Cancer is such an ugly word to me. It connotes everything that’s bad. It devastates a person’s life and devours his or her financial assets. The family is also adversely impacted and suffers right along with the afflicted one. With all the modern treatments available these days, we are given hope to combat this terrible disease. We become even more hopeful when we see people surviving after receiving treatment.
I mourn the loss of one of my friends, whose funeral service I attended yesterday. As much as I tried hard to convince myself that it was better for him to go than to live and suffer through all the different treatments, I didn’t succeed. I still felt so very sad and cried uncontrollably anyway. Seeing him resting peacefully in his coffin comforted me somewhat. That, of course, didn’t take away the great sense of sadness in losing him. I’d so much rather see him still alive and well, enjoying life and doing the things he loved doing.
He battled Glioblastoma multiforme (GBM) cancer since January of last year. His doctors gave him six months to live, but with aggressive experimental drugs they had given him, he lived for another year. I’m glad that our coworkers and I were able to recently visit and spend some time with him several times while he was still alive. Since he couldn’t drive anymore, I’d pick him up and drop him off at his place when our coworkers and I took him out to lunch or dinner.
I’ve met his beautiful and amazing mother. I’ve often thought about her since I met her. It must have been absolute torture for her to watch her son, even though he’s a grown man, go through the ups and downs of battling cancer. When I gave her a hug after the service yesterday, she thanked me very much for attending. She thanked me again for the times I took her son out of the house to socialize with the others.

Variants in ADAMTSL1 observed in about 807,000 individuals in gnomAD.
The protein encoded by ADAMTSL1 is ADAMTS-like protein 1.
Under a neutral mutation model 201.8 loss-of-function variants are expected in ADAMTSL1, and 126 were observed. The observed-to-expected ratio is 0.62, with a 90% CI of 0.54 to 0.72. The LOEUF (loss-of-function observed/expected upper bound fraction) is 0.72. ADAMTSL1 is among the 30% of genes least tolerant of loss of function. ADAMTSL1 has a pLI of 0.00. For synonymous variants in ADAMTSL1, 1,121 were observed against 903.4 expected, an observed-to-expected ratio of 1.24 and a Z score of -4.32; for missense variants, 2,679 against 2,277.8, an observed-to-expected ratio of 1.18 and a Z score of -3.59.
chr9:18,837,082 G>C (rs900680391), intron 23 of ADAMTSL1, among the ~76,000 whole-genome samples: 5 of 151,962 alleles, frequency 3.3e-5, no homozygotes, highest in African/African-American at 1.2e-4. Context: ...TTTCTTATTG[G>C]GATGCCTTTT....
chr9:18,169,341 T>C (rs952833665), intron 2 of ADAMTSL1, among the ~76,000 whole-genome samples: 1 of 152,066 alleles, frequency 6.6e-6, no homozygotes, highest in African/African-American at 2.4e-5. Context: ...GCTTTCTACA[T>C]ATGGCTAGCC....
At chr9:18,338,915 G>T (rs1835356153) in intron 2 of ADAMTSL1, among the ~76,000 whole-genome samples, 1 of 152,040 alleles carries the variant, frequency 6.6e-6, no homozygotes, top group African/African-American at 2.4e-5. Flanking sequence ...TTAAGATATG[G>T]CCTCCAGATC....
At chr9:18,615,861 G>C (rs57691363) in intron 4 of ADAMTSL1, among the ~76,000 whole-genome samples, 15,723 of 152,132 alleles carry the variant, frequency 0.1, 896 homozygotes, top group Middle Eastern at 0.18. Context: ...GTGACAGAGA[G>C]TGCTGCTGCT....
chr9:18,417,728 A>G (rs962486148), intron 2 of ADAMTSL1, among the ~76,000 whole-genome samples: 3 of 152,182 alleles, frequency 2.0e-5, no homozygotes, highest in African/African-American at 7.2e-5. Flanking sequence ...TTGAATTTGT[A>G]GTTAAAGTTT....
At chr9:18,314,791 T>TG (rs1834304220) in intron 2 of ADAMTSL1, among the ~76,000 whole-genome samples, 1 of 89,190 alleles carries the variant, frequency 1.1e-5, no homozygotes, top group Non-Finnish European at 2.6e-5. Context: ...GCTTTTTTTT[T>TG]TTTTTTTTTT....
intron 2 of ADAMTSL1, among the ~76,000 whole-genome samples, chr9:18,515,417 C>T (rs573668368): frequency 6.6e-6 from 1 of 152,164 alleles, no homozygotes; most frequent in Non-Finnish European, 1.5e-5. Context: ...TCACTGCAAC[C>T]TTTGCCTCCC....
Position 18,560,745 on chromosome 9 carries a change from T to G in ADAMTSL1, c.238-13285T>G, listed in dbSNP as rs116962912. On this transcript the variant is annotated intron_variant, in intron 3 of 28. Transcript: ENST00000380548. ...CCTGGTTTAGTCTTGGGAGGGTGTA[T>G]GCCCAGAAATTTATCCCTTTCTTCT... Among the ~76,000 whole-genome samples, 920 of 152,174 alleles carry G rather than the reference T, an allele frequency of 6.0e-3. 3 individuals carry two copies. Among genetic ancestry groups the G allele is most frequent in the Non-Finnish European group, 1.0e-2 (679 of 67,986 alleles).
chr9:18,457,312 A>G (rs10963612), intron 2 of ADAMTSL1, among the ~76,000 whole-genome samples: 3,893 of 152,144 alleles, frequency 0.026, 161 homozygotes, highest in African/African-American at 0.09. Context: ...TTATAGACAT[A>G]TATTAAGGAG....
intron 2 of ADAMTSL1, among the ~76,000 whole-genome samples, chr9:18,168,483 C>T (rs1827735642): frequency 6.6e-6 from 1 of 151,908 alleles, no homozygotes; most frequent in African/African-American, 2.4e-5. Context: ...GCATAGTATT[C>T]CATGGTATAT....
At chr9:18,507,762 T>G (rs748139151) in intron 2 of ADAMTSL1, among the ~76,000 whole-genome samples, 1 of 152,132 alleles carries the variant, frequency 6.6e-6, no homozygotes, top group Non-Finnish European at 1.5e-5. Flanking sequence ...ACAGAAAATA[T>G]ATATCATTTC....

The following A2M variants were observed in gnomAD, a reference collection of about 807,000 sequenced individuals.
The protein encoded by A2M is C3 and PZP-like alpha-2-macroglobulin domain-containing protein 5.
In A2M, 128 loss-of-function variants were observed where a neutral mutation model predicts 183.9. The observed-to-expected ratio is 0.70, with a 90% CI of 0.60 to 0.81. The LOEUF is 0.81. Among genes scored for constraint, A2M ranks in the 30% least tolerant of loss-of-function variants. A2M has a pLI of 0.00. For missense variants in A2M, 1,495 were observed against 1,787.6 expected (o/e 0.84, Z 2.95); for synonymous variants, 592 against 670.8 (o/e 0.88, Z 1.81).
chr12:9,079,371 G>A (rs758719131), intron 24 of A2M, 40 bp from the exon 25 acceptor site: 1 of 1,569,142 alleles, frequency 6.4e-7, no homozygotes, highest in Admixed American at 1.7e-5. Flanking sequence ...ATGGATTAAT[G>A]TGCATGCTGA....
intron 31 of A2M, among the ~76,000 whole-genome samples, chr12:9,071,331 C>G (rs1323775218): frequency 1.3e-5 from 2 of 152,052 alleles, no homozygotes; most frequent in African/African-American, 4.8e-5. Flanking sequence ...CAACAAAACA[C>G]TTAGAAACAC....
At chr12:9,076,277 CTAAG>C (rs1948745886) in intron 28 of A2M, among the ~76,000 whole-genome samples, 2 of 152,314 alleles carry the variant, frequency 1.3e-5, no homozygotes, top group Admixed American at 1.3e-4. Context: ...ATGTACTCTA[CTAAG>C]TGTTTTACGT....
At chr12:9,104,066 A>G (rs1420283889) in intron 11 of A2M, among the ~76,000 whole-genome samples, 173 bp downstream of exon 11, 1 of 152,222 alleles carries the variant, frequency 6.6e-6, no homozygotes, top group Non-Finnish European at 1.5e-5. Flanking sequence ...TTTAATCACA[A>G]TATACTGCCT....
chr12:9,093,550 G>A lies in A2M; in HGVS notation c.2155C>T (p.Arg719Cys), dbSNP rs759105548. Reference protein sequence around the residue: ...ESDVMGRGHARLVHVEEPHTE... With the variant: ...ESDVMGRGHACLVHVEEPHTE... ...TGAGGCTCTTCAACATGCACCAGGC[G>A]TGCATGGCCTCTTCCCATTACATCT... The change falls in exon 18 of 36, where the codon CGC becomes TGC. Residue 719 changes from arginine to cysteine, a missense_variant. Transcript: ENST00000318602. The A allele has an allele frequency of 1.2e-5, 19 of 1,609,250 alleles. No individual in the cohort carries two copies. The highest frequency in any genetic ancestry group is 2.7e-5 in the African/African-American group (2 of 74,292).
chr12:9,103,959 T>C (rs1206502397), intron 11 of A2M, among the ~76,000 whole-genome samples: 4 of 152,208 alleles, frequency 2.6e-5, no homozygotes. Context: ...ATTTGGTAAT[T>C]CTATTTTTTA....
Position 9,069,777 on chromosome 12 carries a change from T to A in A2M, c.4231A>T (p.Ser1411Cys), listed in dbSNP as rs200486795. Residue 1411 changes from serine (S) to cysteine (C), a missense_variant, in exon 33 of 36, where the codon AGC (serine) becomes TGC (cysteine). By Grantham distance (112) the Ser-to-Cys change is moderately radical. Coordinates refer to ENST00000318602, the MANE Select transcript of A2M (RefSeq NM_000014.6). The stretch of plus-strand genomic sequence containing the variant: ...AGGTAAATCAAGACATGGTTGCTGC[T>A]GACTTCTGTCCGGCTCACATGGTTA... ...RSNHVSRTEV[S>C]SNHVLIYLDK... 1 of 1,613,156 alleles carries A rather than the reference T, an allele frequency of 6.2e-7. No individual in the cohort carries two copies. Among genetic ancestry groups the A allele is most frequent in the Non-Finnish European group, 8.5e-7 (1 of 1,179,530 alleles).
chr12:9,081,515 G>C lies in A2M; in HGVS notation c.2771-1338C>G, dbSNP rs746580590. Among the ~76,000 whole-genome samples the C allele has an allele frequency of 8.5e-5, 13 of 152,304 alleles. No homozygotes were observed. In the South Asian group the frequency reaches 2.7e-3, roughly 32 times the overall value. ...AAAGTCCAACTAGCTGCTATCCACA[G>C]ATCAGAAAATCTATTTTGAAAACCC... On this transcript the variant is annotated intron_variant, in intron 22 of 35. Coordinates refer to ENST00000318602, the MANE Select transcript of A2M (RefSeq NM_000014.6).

Four years ago, I lost another friend to cancer. It started out as a melanoma. She received treatment for it and was in remission for three years. Then she started noticing unusual things happening to her. She’d stop and stare blankly at things. When she came to, she’d feel very disoriented and would feel her right hand losing its grip on things. An MRI soon revealed a huge cyst in her brain.
A biopsy confirmed it to be cancerous. She had surgery soon after, along with radiation treatments. She recovered well enough to go back to work after regaining the proper use of her right hand. Everyone in her many circles was ecstatic to hear her play piano again during a concert she gave at her church. Unfortunately, the flicker of hope that we held onto was just that—a flicker.
Three months after her concert, she was right back to square one again. Only, this time, there were more masses and they appeared to have been growing more rapidly. She opted not to receive any more treatment after that.
I was awestruck to learn from her husband after the service that she was the one who planned her own funeral service. She planned it exactly the way she wanted it to be. It was the most elaborate service I’ve ever witnessed. She even planned to have two services to accommodate everyone—one in the morning and one in the afternoon.